The un­con­trol­lable can­di­date

Daily Freeman (Kingston, NY) - - OPINION - Su­san Estrich Su­san Estrich is syn­di­cated by Cre­ators Syn­di­cate.

His daugh­ter knew what to say. So did his run­ning mate and his cam­paign man­ager. They all knew the ques­tion was coming. And the an­swer was sim­ple: Yes — bar­ring some ex­tra­or­di­nary cir­cum­stances, such as what hap­pened in the 2000 elec­tion, “Of course we’ll accept.” “Ab­so­lutely, we will.”

Will what? Abide by the Con­sti­tu­tion of the United States. Accept the re­sults cer­ti­fied by the states and then of­fi­cially by the Elec­toral Col­lege.

The truth is that it doesn’t mat­ter what Don­ald Trump says. If the states cer­tify Hil­lary Clin­ton as the can­di­date who has won the ma­jor­ity of elec­toral votes and the Elec­toral Col­lege of­fi­cially elects her, Supreme Court Chief Jus­tice John Roberts will swear her in as pres­i­dent and ev­ery elected of­fi­cial will be on that plat­form with her.

So why didn’t Don­ald Trump say on Wed­nes­day what he knew on Tues­day was the an­swer he should give and was the an­swer ev­ery­one forced him to give on Thurs­day?

Be­cause, quite clearly, he didn’t want to. He’d spent at least 20 min­utes or so “on script,” which means he was act­ing like a se­ri­ous and care­ful can­di­date for high of­fice and not like a ra­dio talk show host try­ing to get the lines to light up by say­ing out­ra­geous things.

And he was clearly sick of it, as you might ex­pect him to be. That is just not who Trump is. He doesn’t lis­ten to any­body. He says what no one else would. He is nicer to Vladimir Putin than he is to Clin­ton. He says things that aren’t true with to­tal im­punity. The facts don’t mat­ter. The fact check­ers are all bi­ased, ac­cord­ing to him, and if he doesn’t win, it’s be­cause it was rigged. He is a hero to a mi­nor­ity of a mi­nor­ity of Amer­i­cans who are sick of politi­cians and pun­dits and busi­ness-as-usual pol­i­tics, which is cer­tainly un­der­stand­able. Un­for­tu­nately for them, Trump is not their an­swer.

The most im­por­tant thing a chal­lenger al­ways has to prove is that he or she is not too big a risk. Lee At­wa­ter, the first Pres­i­dent Bush’s cam­paign man­ager, used to call it the lit­tle boat. If you can’t con­vince a ma­jor­ity of Amer­i­cans that you aren’t too big a risk, you can’t win. Ron­ald Rea­gan bril­liantly met the test in his one and only de­bate with then-Pres­i­dent Jimmy Carter by his ap­peal­ing and re­as­sur­ing pres­ence and his bril­liant de­liv­ery of the two mem­o­rable lines from that night: “There you go again” (in re­sponse to Carter’s ef­forts to string to­gether all of Rea­gan’s mis­state­ments); and “Are you bet­ter off to­day than you were four years ago?” Elec­tion won. If they ac­com­plish noth­ing else, de­bates de­fine who could win. And who could not .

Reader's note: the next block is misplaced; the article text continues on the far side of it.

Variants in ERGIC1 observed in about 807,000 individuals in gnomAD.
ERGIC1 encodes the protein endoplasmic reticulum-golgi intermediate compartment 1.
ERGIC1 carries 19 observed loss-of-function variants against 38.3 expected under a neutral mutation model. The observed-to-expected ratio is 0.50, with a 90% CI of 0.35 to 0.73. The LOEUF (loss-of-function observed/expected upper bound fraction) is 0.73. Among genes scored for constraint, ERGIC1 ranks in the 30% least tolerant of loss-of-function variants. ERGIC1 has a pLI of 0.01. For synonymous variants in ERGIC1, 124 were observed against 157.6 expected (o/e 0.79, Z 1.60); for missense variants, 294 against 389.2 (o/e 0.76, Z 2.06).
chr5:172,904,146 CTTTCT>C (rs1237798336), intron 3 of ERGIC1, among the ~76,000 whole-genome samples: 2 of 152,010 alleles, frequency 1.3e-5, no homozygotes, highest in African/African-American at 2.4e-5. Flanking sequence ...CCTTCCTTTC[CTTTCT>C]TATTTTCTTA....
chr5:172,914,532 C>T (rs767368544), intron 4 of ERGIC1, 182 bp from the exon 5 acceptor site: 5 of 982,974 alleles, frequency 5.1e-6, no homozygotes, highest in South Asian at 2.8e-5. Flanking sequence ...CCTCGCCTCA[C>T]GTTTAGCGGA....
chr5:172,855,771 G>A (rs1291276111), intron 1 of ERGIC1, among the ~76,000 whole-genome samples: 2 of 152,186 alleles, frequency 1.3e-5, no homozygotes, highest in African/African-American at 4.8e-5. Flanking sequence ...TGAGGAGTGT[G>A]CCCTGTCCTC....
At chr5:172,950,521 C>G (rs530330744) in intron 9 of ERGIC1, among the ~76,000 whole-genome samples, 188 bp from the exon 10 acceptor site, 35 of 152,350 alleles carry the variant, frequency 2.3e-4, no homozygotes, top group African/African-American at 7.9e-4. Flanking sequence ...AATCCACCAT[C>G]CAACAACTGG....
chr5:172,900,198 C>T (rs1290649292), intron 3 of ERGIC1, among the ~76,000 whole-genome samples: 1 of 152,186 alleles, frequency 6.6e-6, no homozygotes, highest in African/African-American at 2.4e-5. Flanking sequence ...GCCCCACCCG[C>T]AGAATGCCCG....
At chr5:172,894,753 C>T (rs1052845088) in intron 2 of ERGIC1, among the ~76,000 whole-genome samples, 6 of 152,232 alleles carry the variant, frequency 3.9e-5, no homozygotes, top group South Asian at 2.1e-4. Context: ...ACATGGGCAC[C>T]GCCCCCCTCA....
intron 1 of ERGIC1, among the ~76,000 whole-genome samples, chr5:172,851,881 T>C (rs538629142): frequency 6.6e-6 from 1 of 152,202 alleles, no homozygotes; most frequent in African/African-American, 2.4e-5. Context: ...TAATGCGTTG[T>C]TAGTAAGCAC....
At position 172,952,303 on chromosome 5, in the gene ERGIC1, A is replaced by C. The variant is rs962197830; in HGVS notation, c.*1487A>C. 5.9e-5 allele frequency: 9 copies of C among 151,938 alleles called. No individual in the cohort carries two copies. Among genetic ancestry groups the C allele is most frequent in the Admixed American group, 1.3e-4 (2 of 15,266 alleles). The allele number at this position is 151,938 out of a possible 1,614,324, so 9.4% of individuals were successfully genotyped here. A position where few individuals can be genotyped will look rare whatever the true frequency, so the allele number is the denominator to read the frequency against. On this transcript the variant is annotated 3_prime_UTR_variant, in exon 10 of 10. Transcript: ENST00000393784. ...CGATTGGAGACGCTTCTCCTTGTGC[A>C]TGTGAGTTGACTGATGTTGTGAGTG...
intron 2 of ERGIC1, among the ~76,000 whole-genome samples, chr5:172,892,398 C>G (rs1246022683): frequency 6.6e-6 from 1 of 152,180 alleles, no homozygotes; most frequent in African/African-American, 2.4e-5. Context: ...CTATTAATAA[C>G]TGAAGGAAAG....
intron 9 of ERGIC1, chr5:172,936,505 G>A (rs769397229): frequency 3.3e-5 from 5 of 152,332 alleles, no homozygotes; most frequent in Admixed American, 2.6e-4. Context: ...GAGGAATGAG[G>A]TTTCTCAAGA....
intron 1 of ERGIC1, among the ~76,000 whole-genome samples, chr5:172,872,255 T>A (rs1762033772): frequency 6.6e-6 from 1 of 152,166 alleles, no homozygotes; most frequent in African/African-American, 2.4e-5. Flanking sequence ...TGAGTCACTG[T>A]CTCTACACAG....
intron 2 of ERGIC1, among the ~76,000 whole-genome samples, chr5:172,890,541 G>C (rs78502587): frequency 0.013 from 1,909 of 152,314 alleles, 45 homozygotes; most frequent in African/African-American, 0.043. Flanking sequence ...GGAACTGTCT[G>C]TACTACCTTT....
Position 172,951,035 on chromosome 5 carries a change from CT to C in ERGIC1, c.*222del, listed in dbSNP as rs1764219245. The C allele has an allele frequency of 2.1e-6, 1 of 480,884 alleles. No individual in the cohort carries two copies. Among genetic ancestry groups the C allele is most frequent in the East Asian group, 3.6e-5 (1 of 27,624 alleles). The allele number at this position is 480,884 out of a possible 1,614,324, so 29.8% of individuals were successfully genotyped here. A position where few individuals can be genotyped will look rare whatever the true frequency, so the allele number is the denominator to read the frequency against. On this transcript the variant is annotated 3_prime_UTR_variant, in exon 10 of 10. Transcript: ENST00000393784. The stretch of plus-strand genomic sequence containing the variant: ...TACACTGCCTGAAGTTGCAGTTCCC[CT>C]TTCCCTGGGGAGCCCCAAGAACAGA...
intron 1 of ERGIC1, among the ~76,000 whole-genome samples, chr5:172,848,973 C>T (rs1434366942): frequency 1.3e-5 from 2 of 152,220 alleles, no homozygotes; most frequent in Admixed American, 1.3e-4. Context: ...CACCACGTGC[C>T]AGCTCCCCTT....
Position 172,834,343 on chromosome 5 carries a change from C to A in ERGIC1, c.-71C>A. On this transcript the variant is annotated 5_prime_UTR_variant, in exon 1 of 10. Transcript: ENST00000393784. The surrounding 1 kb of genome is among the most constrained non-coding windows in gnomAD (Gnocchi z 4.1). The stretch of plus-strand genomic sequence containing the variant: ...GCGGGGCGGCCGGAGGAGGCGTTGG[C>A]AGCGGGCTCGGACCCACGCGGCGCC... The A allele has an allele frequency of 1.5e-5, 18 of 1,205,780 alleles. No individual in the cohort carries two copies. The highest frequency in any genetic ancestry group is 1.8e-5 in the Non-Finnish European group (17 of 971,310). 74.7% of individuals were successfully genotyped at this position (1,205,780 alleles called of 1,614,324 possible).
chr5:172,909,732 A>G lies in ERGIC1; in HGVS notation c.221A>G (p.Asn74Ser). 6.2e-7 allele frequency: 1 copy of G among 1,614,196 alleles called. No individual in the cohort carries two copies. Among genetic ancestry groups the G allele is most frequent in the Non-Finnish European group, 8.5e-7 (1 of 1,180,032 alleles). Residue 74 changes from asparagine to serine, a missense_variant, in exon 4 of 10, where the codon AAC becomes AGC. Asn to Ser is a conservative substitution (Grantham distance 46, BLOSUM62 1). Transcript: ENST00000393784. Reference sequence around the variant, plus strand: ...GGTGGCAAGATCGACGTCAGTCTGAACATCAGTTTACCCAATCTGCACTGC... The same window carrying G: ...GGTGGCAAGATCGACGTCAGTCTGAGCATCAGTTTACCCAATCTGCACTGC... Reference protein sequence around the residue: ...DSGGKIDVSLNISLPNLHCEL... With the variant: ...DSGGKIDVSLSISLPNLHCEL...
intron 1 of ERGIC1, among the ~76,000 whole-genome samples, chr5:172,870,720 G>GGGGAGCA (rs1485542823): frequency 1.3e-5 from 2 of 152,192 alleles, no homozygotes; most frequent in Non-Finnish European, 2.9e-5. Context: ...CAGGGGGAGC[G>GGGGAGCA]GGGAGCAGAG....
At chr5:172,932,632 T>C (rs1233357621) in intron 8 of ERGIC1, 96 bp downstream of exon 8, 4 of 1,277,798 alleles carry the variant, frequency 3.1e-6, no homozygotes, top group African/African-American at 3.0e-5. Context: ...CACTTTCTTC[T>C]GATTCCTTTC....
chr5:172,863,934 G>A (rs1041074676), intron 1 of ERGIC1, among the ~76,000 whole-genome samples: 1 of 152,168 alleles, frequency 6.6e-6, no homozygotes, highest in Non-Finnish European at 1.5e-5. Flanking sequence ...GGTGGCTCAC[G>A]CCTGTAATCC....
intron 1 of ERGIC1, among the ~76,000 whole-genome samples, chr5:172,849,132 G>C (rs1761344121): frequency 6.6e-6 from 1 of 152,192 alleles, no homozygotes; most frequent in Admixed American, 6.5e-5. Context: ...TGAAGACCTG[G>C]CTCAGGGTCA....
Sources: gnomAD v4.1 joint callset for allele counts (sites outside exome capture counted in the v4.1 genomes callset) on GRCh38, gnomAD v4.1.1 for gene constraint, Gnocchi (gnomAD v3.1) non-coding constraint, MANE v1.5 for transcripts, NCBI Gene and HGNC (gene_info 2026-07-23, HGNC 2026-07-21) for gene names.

Un­til the first de­bate, I al­most be­lieved Trump could win. That is al­most cer­tainly be­cause I had never re­ally spent 90 min­utes off script with him. Once I did, I could not be­lieve that es­tab­lish­ment Repub­li­cans, who I used to think had so much more con­trol over their “party” than Democrats, could have let this guy be nom­i­nated. To be hon­est, I was never afraid of John McCain or Mitt Rom­ney. I didn’t find them scary or risky; I just didn’t agree with them on many pol­icy is­sues.

Trump is scary, not be­cause he doesn’t know the rules of a democ­racy, but be­cause he thinks that no rules ap­ply to him. It’s a great style for a provoca­tive me­dia host; he is, ac­cord­ing to Univer­sity of South­ern Cal­i­for­nia pro­fes­sor Ann Crigler, far bet­ter at us­ing so­cial me­dia, es­pe­cially Twit­ter, than Clin­ton. But Twit­ter ca­pa­bil­i­ties have very lit­tle to do with run­ning the coun­try and deal­ing with the world.

Lest any­one think he learned a les­son by Wed­nes­day’s de­ba­cle, The Don­ald made clear on Thurs­day, the last time he and Clin­ton would be to­gether, that no one was go­ing to con­trol him. I am ab­so­lutely cer­tain that Kellyanne Con­way, his cam­paign man­ager, knows the dif­fer­ence be­tween good fun and per­sonal at­tacks, be­tween hu­mor and just plain mean­ness. And if she didn’t tell him what was ap­pro­pri­ate for an Al Smith din­ner, a tra­di­tion in New York hosted by Car­di­nal Ti­mothy Dolan, the crowd did. They booed Trump. And he kept go­ing.

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